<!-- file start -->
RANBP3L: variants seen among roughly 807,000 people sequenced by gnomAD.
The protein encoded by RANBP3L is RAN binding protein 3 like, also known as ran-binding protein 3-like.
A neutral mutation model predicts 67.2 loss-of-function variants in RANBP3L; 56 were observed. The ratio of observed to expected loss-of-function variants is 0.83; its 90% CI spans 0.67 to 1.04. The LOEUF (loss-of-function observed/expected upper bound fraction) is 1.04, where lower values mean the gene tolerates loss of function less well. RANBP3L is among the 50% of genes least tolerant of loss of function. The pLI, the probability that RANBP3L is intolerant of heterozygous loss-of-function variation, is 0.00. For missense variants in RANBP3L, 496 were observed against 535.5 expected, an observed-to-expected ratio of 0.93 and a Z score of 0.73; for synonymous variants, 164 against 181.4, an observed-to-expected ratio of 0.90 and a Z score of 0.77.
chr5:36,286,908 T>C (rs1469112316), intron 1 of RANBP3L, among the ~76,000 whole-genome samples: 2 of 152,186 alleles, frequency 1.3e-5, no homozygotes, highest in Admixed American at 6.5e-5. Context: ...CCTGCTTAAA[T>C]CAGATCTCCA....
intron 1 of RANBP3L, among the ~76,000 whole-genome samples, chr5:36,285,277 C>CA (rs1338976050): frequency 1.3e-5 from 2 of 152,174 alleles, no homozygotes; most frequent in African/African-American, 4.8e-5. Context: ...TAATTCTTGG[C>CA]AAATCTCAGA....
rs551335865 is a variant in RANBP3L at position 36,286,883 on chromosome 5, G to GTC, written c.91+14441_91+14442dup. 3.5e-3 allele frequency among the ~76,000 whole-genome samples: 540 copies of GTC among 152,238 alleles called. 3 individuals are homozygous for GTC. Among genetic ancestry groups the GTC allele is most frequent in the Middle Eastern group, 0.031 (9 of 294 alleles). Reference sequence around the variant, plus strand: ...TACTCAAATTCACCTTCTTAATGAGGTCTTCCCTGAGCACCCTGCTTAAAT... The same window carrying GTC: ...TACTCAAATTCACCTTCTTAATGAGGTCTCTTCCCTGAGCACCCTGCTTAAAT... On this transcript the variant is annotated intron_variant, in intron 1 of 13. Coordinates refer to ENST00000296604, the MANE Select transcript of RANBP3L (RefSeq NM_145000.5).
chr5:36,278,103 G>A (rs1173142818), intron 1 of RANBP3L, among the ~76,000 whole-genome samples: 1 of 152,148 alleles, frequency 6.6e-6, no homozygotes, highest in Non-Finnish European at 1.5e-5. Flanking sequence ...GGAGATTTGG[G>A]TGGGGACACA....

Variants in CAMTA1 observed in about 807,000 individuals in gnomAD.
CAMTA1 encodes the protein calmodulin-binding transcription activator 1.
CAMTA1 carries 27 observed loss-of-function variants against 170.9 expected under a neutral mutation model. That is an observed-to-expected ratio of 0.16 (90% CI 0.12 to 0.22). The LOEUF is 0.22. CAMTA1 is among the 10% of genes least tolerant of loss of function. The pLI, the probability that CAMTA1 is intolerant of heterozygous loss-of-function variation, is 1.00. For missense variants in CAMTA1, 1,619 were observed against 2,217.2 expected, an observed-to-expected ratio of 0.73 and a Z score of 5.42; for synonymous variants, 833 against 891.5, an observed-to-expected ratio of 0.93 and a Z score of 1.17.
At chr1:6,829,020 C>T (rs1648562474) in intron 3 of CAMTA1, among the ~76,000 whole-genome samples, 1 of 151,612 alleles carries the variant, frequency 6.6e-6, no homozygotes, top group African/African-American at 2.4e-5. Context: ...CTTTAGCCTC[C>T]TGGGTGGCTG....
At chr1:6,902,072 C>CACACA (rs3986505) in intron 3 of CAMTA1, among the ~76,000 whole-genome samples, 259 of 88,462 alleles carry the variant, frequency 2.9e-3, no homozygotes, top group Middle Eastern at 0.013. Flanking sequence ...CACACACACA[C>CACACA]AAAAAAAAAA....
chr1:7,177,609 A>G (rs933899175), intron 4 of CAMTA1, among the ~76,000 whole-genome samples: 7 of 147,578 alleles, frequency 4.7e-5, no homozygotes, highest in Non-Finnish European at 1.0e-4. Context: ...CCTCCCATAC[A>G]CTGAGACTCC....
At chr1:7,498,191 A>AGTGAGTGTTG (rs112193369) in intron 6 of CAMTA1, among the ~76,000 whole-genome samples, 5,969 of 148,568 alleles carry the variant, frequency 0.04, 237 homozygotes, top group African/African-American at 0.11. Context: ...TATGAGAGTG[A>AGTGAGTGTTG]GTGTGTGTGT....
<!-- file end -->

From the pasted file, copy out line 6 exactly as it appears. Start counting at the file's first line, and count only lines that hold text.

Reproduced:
rs551335865 is a variant in RANBP3L at position 36,286,883 on chromosome 5, G to GTC, written c.91+14441_91+14442dup. 3.5e-3 allele frequency among the ~76,000 whole-genome samples: 540 copies of GTC among 152,238 alleles called. 3 individuals are homozygous for GTC. Among genetic ancestry groups the GTC allele is most frequent in the Middle Eastern group, 0.031 (9 of 294 alleles). Reference sequence around the variant, plus strand: ...TACTCAAATTCACCTTCTTAATGAGGTCTTCCCTGAGCACCCTGCTTAAAT... The same window carrying GTC: ...TACTCAAATTCACCTTCTTAATGAGGTCTCTTCCCTGAGCACCCTGCTTAAAT... On this transcript the variant is annotated intron_variant, in intron 1 of 13. Coordinates refer to ENST00000296604, the MANE Select transcript of RANBP3L (RefSeq NM_145000.5).